And if I loved you Wednesday,Edna St. Vincent Millay
Well, what is that to you?
I do not love you Thursday–
So much is true.
And why you come complaining
Is more than I can see.
I loved you Wednesday,–yes–but what
Is that to me?
Edna St. Vincent Millay is nothing if not a feminist, and "Thursday" is a remarkable production of that mindset. Millay is known today for her numerous love affairs, with both men and women, and her activism for gender equality, which she had the credentials to support being the first woman to win the Pulitzer Prize for Poetry in 1923.
"Thursday" is very much Millay's voice which is acting as our narrator. She loves a man, or that is what she told him, Wednesday, but by Thursday she does not. It does not matter that she loved him the day before, because in twenty four hours time, she has changed her mind. She ends with "-yes-but what/Is that to me?". Even in today's day and age, women would probably be high-fiving each other over that last line. However, it means even more when you think about the time period this was written in.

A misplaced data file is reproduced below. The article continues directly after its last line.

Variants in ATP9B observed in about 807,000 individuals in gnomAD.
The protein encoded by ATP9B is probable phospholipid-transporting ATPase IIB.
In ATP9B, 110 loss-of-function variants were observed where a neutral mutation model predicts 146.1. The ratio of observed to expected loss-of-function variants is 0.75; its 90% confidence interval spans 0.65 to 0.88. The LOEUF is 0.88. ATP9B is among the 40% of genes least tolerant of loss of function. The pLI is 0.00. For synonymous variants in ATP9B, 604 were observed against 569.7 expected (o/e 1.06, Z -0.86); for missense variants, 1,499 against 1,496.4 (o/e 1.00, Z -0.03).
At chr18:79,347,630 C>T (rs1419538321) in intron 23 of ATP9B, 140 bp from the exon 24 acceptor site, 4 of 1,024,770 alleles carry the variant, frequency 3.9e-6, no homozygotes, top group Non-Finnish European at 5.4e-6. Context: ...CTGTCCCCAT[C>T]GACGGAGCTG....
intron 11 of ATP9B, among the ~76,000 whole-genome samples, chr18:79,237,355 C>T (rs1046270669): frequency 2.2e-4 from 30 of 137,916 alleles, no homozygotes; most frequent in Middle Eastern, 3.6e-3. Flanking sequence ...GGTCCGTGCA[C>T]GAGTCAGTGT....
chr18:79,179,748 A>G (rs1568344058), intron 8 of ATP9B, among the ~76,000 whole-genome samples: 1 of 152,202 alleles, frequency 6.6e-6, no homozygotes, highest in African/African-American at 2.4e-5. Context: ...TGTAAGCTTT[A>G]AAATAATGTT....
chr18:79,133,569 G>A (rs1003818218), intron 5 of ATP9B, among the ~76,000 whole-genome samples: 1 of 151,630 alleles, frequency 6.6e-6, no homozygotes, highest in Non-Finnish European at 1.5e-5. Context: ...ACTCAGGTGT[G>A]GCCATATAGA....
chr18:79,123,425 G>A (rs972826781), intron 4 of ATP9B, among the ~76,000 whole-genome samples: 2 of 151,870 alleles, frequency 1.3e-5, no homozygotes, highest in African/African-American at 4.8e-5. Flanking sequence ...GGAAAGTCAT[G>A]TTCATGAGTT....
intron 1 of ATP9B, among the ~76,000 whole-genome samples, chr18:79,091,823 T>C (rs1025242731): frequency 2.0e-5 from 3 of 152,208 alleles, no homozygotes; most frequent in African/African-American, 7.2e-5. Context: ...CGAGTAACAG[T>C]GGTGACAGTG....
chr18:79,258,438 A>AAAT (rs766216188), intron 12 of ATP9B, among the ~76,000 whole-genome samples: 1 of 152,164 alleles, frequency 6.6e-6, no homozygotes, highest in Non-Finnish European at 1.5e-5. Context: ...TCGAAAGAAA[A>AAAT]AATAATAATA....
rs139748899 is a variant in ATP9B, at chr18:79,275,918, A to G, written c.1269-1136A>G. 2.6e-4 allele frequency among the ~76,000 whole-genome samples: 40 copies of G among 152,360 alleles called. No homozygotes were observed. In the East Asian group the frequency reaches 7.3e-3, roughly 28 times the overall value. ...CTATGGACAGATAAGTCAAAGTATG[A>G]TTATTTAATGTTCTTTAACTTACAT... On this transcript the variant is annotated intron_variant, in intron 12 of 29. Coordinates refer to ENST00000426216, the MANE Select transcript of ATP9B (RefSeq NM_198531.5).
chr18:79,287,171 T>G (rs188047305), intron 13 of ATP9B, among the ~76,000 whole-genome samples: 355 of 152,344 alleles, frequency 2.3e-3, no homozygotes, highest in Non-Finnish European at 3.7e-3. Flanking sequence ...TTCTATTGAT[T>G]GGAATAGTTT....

"Thursday" was published in the year 1921, the very beginning of the Women's Rights Movement. However, it really is something to think that from the time Millay was writing "Thursday", it would take over forty years to pass the Equal Pay Act, over fifty years to make it illegal for men to rape their wives, and the still going debate today over the legality of abortion.
Millay was a woman ahead of her time. She used her inner thoughts, projected them through her love affairs and her writings, and that is what allows her to become the poet she was: she wrote about what she knew and what she believed in.